A new musical written and directed by David Byrne and composed by Dominic Brennan, The Universal Machine tells the story of renowned yet often under-appreciated mathematician Alan Turing, who spent his life trying to prove that artificial intelligence is possible. In this portrait of the man’s troubled life, the ensemble of actors provide an engaging and respectful interpretation of Turing’s hopes and fears as he struggles to make connections with the people around them.
The New Diorama Theatre is an 80-seat black box theatre, and the production feels as makeshift as it must have been in last year’s Edinburgh Fringe Festival. The singers’ only accompaniment is provided by a single keyboardist sitting in the back corner of the stage (who often also lends a voice to the small ensemble during songs) plus the occasional addition of a violin played by one of the actresses when she is not ‘onstage.’ With only one real exit, actors often wait to come onstage in full view of the audience, and quick changes often result in a character’s costume being reduced to a single headband or article of clothing. With undone buttons on shirts and a crooked hanging backdrop, this is clearly theatre still in development.
Yet for all of that, the production shines. The ensemble nature of the show really aids in telling the story, in which people pass in and out of Turing’s life without his control until nothing remains but the man himself. Richard Delaney plays Turing with caution and depth, a perpetually troubled man who still always knows what he knows and never hesitates to say it. He periodically breaks out of the story to narrate events retrospectively to the audience or to reflect on the philosophical implications of his research, but it never feels intrusive to the story being told. In fact, the scene in which, after a silly and yet heartbreaking rendition of ‘Why Not Be Normal?’ Turing and new fiancee/fellow codebreaker Joan Clarke (Cecilia Colby) together leave the present moment and comment upon their former idealism and innocence is one of the strongest moments in the play.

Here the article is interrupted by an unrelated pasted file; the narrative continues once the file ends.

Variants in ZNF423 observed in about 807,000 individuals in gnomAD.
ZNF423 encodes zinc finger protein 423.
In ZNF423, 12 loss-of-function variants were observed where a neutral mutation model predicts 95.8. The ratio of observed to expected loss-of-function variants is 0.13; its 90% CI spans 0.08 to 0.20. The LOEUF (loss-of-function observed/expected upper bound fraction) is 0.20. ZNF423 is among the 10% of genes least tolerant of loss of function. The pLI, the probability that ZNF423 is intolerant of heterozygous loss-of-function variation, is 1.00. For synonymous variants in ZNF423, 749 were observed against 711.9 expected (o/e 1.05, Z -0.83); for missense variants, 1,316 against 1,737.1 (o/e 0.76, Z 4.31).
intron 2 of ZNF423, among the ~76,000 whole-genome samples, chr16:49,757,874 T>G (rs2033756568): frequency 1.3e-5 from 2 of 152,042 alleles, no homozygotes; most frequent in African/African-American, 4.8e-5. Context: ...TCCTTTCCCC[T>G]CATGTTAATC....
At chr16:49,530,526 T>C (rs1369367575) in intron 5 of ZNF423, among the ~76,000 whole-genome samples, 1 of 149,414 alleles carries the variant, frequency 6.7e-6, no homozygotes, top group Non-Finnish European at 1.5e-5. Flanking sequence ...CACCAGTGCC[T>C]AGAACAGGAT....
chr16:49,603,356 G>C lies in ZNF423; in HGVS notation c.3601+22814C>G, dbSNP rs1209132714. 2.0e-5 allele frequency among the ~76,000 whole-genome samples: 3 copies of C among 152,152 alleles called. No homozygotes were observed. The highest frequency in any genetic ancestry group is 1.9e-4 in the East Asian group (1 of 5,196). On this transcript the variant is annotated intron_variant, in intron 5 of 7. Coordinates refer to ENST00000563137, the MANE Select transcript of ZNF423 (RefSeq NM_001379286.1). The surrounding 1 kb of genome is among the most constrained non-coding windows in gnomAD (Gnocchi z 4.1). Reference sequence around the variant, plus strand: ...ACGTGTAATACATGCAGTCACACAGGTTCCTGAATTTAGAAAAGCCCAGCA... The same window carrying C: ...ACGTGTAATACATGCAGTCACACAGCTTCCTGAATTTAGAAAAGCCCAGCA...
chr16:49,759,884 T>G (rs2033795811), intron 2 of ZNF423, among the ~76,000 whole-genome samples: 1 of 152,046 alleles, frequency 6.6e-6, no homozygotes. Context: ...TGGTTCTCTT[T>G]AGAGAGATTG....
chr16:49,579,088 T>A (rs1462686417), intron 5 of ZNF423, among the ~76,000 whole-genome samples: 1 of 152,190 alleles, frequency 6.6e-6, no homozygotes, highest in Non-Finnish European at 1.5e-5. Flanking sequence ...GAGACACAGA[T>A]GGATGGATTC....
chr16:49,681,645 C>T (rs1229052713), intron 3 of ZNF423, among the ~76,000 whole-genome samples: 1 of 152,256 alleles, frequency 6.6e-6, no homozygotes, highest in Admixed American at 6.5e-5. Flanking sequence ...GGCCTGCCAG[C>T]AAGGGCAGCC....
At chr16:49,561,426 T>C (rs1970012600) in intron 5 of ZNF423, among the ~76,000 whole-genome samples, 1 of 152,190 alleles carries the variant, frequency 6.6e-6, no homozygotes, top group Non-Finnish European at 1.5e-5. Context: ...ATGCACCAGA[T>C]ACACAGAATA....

The songs are rather hit-or-miss, with solo pieces simply resembling monologues set to music and ensemble pieces often consisting of one or two lines repeated over and over (‘Sport,’ ‘Building the Bomb’). Despite the unimaginative lyrics, the ensemble’s vocal talents are very apparent, as are the skills of the very small orchestra. The choreography, meanwhile, is clever and innovative without turning the play into a dance musical, allowing the ensemble to move in and out of scenes without interrupting the flow of the action.
Other standout actors include Leah Milner as Turing’s brash and intrusive landlord in Bletchley Park, Mrs Ramshaw, and Judith Paris as Turing’s mother. The only character who does not participate in ensemble scenes when not onstage, Mrs Turing’s presence in the show resembles what it must have in Turing’s life–fleeting and unreliable, yet very emotional and profoundly important when she does turn up again. Her struggle to understand and accept her son forms the backbone of the piece as much as Turing’s struggle to understand himself, and it is impossible to question the love she feels for him.
The Universal Machine is a story that attempts to comprehend why a brilliant man in the prime of his academic life would be found dead one day in his home next to a cyanide-laced apple. At the end of the show, the audience comes away with a greater level of empathy than I was expecting for the genius computer scientist (before there were even computers) who could have done it all and yet still did so much. The musical is still a bit shaky on its feet, but spot-on acting, an engaging and self-reflexive script and a story that needs to be told make this a show well worth seeing. If nothing else, you will come out of it pondering the same question that Alan Turing debated for so long: ‘Can machines think?’